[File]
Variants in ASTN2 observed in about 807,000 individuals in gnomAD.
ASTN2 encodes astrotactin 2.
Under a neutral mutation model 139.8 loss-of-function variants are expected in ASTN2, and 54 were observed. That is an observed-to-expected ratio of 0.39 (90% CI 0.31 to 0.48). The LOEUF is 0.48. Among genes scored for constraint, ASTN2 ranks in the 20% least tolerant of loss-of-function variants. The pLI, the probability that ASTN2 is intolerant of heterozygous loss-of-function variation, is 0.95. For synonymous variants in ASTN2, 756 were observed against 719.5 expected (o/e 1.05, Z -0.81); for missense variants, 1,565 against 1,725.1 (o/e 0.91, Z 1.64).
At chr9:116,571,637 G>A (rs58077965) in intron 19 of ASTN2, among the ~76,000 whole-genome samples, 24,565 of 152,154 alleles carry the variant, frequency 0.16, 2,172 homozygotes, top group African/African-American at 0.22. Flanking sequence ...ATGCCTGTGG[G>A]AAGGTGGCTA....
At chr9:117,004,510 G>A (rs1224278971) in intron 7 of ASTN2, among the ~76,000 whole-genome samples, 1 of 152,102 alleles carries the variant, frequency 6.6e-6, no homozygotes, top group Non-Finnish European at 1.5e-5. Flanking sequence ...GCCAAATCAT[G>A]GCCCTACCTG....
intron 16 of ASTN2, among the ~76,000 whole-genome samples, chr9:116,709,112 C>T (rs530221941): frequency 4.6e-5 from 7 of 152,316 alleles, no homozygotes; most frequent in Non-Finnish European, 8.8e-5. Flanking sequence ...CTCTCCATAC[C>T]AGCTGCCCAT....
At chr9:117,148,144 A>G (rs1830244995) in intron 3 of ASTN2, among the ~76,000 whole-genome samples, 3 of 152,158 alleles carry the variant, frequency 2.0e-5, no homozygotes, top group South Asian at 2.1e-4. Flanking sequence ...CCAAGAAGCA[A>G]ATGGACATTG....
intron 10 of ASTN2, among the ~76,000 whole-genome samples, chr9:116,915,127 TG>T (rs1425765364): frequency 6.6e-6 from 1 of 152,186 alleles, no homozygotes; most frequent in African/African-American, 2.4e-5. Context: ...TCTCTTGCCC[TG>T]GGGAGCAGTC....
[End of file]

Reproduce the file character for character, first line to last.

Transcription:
Variants in ASTN2 observed in about 807,000 individuals in gnomAD.
ASTN2 encodes astrotactin 2.
Under a neutral mutation model 139.8 loss-of-function variants are expected in ASTN2, and 54 were observed. That is an observed-to-expected ratio of 0.39 (90% CI 0.31 to 0.48). The LOEUF is 0.48. Among genes scored for constraint, ASTN2 ranks in the 20% least tolerant of loss-of-function variants. The pLI, the probability that ASTN2 is intolerant of heterozygous loss-of-function variation, is 0.95. For synonymous variants in ASTN2, 756 were observed against 719.5 expected (o/e 1.05, Z -0.81); for missense variants, 1,565 against 1,725.1 (o/e 0.91, Z 1.64).
At chr9:116,571,637 G>A (rs58077965) in intron 19 of ASTN2, among the ~76,000 whole-genome samples, 24,565 of 152,154 alleles carry the variant, frequency 0.16, 2,172 homozygotes, top group African/African-American at 0.22. Flanking sequence ...ATGCCTGTGG[G>A]AAGGTGGCTA....
At chr9:117,004,510 G>A (rs1224278971) in intron 7 of ASTN2, among the ~76,000 whole-genome samples, 1 of 152,102 alleles carries the variant, frequency 6.6e-6, no homozygotes, top group Non-Finnish European at 1.5e-5. Flanking sequence ...GCCAAATCAT[G>A]GCCCTACCTG....
intron 16 of ASTN2, among the ~76,000 whole-genome samples, chr9:116,709,112 C>T (rs530221941): frequency 4.6e-5 from 7 of 152,316 alleles, no homozygotes; most frequent in Non-Finnish European, 8.8e-5. Flanking sequence ...CTCTCCATAC[C>T]AGCTGCCCAT....
At chr9:117,148,144 A>G (rs1830244995) in intron 3 of ASTN2, among the ~76,000 whole-genome samples, 3 of 152,158 alleles carry the variant, frequency 2.0e-5, no homozygotes, top group South Asian at 2.1e-4. Flanking sequence ...CCAAGAAGCA[A>G]ATGGACATTG....
intron 10 of ASTN2, among the ~76,000 whole-genome samples, chr9:116,915,127 TG>T (rs1425765364): frequency 6.6e-6 from 1 of 152,186 alleles, no homozygotes; most frequent in African/African-American, 2.4e-5. Context: ...TCTCTTGCCC[TG>T]GGGAGCAGTC....